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By Shapi Shacinda

LUSAKA (Reuters) – Zambia will award farm land to foreign investors in 2009 to improve agricultural production and curb food shortages, the country’s finance minister said on Thursday.

Situmbeko Musokotwane said the mineral-rich country would grant foreign and local investors land in farm blocs for them to grow more white maize for export to countries in southern Africa.

Speaking at a meeting convened to familiarize with farmers’ operations, Musokotwane said agriculture provided the best alternative to diversifying the economy away from copper mining, the country’s economic lifeblood.

“We will open up more land to investors in the coming year and more details will be issued at a later stage. There is plenty of room for everybody, we think we should do something in agriculture,” he said.

Zambia created two major farm blocs last year, each over 100,000 hectares in size.

The blocs would be split up for foreign and local farmers to grow cash crops, but the roll-out of the project has been hindered by delays in putting up infrastructure on the sites.

Agriculture industry officials said last week the country would import up to 100,000 tonnes of maize to plug a deficit expected in the first quarter of 2009, after the government lifted a ban on imports of maize.

“In the past few years, Zambia achieved considerable success in food security, but now we want to go beyond food security to exporting,” Musokotwane said.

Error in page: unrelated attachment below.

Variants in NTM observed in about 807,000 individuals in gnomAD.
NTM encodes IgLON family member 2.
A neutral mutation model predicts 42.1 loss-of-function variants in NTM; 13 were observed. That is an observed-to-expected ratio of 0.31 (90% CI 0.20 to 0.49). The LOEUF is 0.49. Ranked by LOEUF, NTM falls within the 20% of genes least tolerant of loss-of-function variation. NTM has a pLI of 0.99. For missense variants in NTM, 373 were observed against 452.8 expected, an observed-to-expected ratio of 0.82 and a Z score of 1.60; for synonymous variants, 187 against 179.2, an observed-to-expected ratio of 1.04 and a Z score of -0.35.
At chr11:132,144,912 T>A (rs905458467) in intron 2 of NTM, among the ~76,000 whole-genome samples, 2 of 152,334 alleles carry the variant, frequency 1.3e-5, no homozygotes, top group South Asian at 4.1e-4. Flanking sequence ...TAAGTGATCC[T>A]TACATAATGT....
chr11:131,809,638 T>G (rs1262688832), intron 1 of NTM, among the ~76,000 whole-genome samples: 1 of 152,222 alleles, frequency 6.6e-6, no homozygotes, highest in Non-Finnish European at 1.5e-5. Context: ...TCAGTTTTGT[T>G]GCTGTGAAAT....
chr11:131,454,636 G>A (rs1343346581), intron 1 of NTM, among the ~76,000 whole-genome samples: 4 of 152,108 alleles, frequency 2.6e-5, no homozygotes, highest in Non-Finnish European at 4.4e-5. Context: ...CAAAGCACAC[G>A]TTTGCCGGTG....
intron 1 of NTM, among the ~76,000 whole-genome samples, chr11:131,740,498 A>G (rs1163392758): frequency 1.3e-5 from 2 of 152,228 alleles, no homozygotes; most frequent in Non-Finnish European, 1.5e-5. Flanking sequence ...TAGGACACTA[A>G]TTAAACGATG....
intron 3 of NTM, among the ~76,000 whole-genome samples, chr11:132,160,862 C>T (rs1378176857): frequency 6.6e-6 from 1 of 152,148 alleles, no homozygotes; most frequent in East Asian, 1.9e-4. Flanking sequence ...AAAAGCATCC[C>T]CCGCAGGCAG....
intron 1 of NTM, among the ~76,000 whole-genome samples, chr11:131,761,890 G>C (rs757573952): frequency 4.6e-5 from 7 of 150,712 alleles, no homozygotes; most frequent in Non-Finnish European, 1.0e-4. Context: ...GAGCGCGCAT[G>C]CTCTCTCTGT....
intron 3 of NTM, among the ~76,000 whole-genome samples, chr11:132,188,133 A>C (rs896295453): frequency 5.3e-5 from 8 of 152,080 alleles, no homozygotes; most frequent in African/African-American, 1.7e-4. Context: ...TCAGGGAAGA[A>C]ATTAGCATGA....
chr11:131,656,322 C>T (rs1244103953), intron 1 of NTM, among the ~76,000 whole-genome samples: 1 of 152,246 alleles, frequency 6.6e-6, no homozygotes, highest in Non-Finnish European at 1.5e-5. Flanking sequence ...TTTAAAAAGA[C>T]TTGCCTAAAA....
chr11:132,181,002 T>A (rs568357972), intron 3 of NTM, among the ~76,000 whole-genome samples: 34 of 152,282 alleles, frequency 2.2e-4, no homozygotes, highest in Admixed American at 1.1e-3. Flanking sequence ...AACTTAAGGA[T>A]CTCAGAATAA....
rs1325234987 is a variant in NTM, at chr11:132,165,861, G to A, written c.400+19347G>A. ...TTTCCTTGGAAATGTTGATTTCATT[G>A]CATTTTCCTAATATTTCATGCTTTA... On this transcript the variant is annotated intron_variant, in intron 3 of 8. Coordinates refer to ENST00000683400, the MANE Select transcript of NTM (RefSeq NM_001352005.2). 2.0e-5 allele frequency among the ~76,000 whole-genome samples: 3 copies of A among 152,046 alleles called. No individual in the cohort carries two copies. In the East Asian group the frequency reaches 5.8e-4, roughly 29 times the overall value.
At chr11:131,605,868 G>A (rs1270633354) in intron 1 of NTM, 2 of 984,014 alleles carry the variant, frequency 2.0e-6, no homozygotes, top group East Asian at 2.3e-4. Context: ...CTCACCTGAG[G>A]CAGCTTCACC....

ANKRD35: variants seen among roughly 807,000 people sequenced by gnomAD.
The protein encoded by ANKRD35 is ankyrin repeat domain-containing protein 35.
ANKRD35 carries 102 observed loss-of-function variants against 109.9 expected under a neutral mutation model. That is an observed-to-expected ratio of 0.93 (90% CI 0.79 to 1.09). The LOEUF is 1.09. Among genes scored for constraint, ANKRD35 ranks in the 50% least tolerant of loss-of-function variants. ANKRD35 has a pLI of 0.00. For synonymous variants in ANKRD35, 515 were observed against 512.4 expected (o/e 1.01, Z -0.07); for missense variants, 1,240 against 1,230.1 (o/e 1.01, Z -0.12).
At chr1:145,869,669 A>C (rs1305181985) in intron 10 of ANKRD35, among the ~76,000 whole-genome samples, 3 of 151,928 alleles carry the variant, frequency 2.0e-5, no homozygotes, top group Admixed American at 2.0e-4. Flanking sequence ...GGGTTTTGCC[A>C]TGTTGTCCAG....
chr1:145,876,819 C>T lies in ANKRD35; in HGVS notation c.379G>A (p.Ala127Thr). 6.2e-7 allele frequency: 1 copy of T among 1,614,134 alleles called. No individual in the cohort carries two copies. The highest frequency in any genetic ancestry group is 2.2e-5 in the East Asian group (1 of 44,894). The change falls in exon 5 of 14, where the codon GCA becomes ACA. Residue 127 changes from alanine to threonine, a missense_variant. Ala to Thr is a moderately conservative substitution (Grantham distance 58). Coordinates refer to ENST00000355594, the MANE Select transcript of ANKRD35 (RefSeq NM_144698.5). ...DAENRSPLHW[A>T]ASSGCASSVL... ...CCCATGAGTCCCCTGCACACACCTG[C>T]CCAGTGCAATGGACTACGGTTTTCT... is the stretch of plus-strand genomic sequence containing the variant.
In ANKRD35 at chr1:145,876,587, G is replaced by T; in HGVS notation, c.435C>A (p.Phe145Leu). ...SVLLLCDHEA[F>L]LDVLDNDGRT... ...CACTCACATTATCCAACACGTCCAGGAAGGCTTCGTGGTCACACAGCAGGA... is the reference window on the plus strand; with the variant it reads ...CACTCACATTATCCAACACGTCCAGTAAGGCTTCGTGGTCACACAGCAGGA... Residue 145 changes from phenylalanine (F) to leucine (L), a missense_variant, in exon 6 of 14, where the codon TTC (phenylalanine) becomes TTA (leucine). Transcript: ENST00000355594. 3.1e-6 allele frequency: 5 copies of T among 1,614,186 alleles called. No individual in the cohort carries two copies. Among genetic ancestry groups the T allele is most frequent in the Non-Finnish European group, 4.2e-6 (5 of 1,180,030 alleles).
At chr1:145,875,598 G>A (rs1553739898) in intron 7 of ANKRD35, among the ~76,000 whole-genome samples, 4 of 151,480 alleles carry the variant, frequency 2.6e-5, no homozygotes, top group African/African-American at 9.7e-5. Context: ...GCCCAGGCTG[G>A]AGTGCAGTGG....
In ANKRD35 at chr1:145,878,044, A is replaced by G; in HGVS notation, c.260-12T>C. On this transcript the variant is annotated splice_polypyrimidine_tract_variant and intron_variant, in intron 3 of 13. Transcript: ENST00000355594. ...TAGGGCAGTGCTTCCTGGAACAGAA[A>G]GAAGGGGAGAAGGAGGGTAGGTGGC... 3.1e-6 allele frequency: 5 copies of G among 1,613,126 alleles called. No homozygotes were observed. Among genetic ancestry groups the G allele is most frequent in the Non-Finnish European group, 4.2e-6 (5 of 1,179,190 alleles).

The newly appointed finance minister’s announcement came as a local farmers’ group warned that Zambia would have to import more maize in 2009 if both commercial and peasant farmers did not receive adequate subsidies to grow enough of the staple white maize.

Zambia National Farmers Union (Znfu) president Jervis Zimba said local farmers were facing difficulties in raising maize output due to soaring costs of fertilizer and seed.

“We are seeing a situation where we will have more imports and the solution is not to subsidize (maize) imports, but production,” he said.

Zimba said the government, which is providing subsidized seed and fertilizers to 200,000 small scale farmers this season up from 125,000 farmers in the 2007/08 season, should extend the programme to commercial farmers as well.

“The major farmers’ concerns are (linked to) the current (global) economic instability. Prices of agricultural inputs are going up while our banks are not lending out to farmers and the season has just started,” Zimba said.

“The best (way) is to ensure complete subsidies for commercial and small scale farmers. We need to look at how the government can help farmers because currently the fields are empty, very few farmers are going to grow maize,” Zimba said.

Zambia’s 2007/08 maize output was reduced to 1.2 million tonnes from 1.3 million the previous season due to floods in some areas.